In the soon-to-be-published Zhong Biao Dictionary one finds a definition of “Harmonious Society,” that slogan of contemporary Chinese politics that has led to much ironic comment about what it means to be “harmonized” by authoritarian force. A portion of Zhong’s definition, in my tentative translation, as follows:
【h. xi. sh. hu., g. ji. g. w.i】
In a harmonious society, each to its rightful place. Once material conditions have been met, limitless tolerance for infinite diversity of values emerges. Thus, reconciliation of desires of individuals and needs of the community is achieved. Institutionally speaking, there is the guarantee of security for individual trajectories, with social systems operating peacefully without incident, each to its own and without transgression.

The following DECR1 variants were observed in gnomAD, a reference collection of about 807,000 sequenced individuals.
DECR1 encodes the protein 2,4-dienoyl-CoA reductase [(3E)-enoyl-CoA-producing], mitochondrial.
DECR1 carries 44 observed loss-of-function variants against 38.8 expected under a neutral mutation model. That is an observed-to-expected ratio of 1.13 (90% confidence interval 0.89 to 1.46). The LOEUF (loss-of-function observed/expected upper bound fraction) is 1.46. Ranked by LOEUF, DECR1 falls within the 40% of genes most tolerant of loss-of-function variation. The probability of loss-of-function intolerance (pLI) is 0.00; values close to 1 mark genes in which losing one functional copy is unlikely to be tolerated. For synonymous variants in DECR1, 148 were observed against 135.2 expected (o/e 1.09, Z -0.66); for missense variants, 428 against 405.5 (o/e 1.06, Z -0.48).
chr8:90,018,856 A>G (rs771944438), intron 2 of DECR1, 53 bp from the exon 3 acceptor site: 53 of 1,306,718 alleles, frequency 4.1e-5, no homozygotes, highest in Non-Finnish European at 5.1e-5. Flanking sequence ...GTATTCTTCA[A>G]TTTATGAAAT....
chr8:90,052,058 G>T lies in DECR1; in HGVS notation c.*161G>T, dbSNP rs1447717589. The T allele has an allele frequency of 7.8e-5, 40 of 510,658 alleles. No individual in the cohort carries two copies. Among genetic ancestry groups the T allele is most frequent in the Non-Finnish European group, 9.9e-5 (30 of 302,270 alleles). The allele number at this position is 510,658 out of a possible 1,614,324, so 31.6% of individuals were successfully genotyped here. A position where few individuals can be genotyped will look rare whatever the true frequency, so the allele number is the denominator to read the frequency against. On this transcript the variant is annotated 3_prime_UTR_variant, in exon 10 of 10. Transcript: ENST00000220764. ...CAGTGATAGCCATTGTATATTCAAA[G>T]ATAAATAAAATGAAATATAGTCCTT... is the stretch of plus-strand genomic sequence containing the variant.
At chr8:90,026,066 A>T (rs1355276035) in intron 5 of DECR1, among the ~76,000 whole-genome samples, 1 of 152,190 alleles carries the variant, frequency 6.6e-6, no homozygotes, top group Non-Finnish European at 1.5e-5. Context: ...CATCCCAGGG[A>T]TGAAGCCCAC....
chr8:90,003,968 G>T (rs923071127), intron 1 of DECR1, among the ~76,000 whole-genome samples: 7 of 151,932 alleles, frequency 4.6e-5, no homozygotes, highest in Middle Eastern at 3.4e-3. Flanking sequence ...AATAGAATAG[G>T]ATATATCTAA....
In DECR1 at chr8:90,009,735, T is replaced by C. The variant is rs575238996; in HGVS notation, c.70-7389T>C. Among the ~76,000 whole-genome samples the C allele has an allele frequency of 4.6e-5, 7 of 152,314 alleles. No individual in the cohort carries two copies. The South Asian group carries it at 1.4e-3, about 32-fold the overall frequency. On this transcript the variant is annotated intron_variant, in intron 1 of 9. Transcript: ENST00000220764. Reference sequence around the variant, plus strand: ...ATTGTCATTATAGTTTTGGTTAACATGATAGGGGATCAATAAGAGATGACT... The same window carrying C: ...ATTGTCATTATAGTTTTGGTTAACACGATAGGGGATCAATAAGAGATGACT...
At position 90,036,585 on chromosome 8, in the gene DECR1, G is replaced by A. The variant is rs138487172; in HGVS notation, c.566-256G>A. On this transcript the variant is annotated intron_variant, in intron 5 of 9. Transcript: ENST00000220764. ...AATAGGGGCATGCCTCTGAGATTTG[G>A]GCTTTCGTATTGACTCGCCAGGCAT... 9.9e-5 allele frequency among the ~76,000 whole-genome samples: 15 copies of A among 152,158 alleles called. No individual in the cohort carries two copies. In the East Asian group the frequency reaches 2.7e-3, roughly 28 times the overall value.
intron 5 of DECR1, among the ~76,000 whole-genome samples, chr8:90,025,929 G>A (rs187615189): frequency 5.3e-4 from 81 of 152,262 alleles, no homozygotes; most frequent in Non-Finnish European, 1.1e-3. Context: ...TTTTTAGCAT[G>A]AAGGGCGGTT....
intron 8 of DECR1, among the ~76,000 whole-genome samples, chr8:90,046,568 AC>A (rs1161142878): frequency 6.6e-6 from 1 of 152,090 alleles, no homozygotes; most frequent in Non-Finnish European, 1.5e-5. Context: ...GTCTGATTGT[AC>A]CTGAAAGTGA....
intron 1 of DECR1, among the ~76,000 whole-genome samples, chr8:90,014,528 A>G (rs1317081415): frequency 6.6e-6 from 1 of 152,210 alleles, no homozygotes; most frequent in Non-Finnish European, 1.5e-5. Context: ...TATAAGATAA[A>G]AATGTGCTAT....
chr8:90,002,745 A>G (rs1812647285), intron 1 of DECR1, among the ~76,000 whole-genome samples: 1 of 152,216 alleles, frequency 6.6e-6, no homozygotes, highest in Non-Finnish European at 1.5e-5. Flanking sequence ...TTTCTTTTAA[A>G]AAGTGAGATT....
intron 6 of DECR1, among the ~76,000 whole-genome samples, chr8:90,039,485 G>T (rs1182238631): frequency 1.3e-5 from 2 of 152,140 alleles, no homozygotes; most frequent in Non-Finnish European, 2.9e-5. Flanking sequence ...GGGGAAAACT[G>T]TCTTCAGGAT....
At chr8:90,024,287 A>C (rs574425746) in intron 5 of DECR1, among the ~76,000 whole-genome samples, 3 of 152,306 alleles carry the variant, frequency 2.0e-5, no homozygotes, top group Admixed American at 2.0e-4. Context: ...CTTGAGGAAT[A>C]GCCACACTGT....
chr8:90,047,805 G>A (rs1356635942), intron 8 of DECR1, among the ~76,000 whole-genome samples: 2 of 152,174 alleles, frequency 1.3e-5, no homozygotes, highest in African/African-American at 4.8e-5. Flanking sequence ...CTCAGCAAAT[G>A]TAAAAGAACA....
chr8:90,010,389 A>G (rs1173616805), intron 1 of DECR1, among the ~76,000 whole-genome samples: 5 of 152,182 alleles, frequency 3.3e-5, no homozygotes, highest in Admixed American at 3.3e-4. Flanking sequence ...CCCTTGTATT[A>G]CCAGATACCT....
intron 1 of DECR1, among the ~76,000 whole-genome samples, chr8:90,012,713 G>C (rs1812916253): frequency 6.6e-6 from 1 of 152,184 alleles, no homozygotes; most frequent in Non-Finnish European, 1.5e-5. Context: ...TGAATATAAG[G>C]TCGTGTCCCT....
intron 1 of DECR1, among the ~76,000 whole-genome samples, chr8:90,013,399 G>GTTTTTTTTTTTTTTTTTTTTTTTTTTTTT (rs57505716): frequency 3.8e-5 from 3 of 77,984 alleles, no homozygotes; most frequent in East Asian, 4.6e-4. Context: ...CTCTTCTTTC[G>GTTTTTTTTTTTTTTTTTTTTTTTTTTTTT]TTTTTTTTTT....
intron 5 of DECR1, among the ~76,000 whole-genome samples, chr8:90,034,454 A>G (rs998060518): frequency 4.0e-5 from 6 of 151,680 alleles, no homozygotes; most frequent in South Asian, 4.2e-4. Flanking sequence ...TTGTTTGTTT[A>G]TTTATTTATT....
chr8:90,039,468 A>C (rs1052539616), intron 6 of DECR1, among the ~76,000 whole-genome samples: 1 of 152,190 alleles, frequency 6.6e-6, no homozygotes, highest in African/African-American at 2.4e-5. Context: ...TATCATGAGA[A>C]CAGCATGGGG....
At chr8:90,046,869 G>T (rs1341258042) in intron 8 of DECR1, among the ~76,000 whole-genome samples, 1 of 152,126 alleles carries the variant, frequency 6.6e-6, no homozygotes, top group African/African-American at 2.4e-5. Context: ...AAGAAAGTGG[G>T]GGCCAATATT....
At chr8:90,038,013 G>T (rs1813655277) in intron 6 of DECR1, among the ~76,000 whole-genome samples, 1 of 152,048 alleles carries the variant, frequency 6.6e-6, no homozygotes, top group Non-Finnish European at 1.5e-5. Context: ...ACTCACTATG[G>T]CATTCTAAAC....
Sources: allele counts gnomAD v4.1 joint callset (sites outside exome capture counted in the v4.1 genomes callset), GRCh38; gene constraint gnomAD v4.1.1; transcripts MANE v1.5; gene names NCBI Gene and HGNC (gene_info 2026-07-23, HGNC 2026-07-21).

The entry, which seems optimistic to the point of irony, is worth noting as well for the text in red at the opening of the sequence. “Harmonious Society” is glossed in two ways, first using the words in question he xie 和谐, and next using what is referred to in parenthesis as “colloquial” (俚) meaning “River Crab” 河蟹. River crab, homophonous with “harmonious society,” is coinage of Ai Weiwei, and his “River Crab Festival” in Shanghai on November 7, 2010 was political performance art involving a tasty meal of crab served to, as far as I can tell from the video, hundreds of people. The video is produced by An Xiao Mina and his available HERE. This event took place long after Ai had begun making himself unpopular with authorities, and shortly before the Shanghai studio which can be seen in the video was torn down by Shanghai authorities.
Zhong Biao, as has been noted, is an almost studiously apolitical painter. Yet, he includes the “slang” for Harmonious Society in his definition, a rather provocative move, to my mind. It remains to be seen if this line remains in the published work (I have only a late draft at my disposal). We will see.